ArMo Design Studio Doesn't Just Want to Build Houses - They Want to Create Homes

by Luo Jingmei
11 Jun 2024

The experience of designing more than 100 houses over 20 years is evident in this home designed by ArMo Design Studio.

This semi-detached house in Singapore marks a significant milestone for ArMo Design Studio, as it is the inaugural project the firm has completed since its founders, Diego Molina and Maria Arango, established their own practice in 2021. Both hail from Colombia, where they studied architecture at the esteemed Pontificia Universidad Javeriana. Following that was a stint at the office of renowned Colombian architect Giancarlo Mazzanti in Bogotá. In 2001, the couple – partners in work and marriage – arrived in Singapore. Before long, they had spent 20 years at Ong&Ong and designed more than 100 houses with the firm.   

At Ong&Ong, they garnered a devoted following for their elegant, well-proportioned, and practical tropical houses. This philosophy endures in the design of this house for a couple and their two children.

“The vision shared by the owner was to create a light-filled and airy house that is functional yet does not compromise on aesthetics. They wanted a contemporary home that evokes a sense of warmth as one walks in. The overall neutral tones reflect this,” explains Arango. 

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Fit for the Tropics

White walls, natural light, and light timber evoke a minimalist sensibility

Not surprisingly, the architectural designers were able to relate to their host country’s tropical and isothermal conditions well, as Colombia and Singapore are both close to the equator and share similar climatic characteristics. “At ArMo, sustainability is a fundamental principle, and we prioritize both active and passive strategies in our designs. Our approach integrates form and function seamlessly, allowing for the incorporation of tropical living elements alongside advanced technology to ensure comfort and environmental consciousness,” Molina expounds. 

To this end, the couple’s projects are similar in that they all allow for natural cross ventilation, light, and shade. But the expression of each is unique, as they are tailored for different occupants and contexts. The functionality of this house was emphasised in the brief. “We didn’t want to be beholden to the property and additional space that normally comes with moving from an apartment to a landed property, such as weekly maintenance, and maybe even an additional helper,” he comments.  

Restrain and quiet form is a palpable attribute in this house

The result leans toward the traditions of Modernist architecture, featuring a boxy form in-filled with privacy- and sun-shading screens at the front elevation. Timber and timber-coated aluminium accents in the window screens and ceilings provide a warm counterpoint to the stoic shell.


Adaptability and Liveability

In the master bedroom, concealed doors open to the bathroom and a vanity

Inside, there are two aspects on every level that differentiate the home from cookie-cutter semi-detached houses: The first – exceptionally wide corridors, useful for children at play; the second are sliding doors separating the corridors from the rooms that easily shut away private zones when guests come by. This adaptability is an important contributor to liveability.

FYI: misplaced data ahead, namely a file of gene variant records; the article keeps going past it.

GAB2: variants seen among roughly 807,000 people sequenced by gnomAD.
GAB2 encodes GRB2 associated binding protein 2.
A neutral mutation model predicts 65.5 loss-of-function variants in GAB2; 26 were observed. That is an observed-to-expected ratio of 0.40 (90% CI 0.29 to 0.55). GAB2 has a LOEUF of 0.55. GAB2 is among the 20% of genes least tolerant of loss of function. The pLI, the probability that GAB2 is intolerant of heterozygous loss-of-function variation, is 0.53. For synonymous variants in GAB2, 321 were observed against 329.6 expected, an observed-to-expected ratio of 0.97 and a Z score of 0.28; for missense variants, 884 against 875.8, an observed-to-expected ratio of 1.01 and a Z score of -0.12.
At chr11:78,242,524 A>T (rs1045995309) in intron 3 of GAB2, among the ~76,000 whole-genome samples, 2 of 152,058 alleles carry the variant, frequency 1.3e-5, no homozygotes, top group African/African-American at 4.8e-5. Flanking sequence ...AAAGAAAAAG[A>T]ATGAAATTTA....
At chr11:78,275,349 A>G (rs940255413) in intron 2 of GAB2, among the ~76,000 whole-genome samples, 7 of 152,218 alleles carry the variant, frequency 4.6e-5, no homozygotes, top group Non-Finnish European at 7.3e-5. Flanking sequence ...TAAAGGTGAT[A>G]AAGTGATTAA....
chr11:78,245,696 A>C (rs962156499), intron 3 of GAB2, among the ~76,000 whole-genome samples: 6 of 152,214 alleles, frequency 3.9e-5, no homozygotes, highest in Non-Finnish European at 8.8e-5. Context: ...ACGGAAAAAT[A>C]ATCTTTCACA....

For instance, closing the sliding doors on the second storey foyer signals the couple’s private time with their children. Nestled within is a playroom shared by the master bedroom and children’s bedrooms. The latter has sliding wall panels that are kept open as the children are young, but can be closed to define two independent rooms when nearing teenage years.

“Upon entry, guests are greeted by a spacious foyer. This leads into a triple-volume circulation space, which houses the linear Oak timber staircase serving as a central spine connecting various areas on each floor,” describes Arango. A skylight along its entire length that dips down on both front and rear elevations illuminates this ‘spine’. Aside from brightening the interiors during the day, it also imbibes the interiors with a sense of place and time affected by the mutable nature of tropical weather even when one is indoors.    

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The Pleasures of Light

“Natural light is so important; it affects one’s mood and mental state,” comments the husband. He receives plenty of it in his study at the attic where he works from home often. Next door, his wife, a Pilates instructor, also enjoys abundant sunshine in her exercise studio. Full height sliding glass doors open both of these rooms to a terrace and unobstructed sky views. Adaptability features on this level as well; should one of the children decide to stay here with his family after marriage, the entire attic can be converted to a suite, linked to the current family room and a bathroom.  

On the ground storey is another outdoor space to enjoy nature. The open-plan dry kitchen, living and dining spaces open to a capacious timber terrace, shaded by a large cantilevering canopy. A glass oculus in the ceiling is a playful punctuation to the expansive ceiling.

  • Skylights highlight the time of day in the attic
  • Large doors close off the foyer from the main communal areas on the first storey
  • Screen doors filter light into the family room at the attic
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“We spend a lot of time at home now and entertain every two weeks. That is the best feedback; this is really a home and not just a house,” says the husband, musing that friends find it hard to leave when they visit. And no wonder: Transparency, flexibility, comfort, wind, light, space, and connection – all tenets of an inviting home are present here.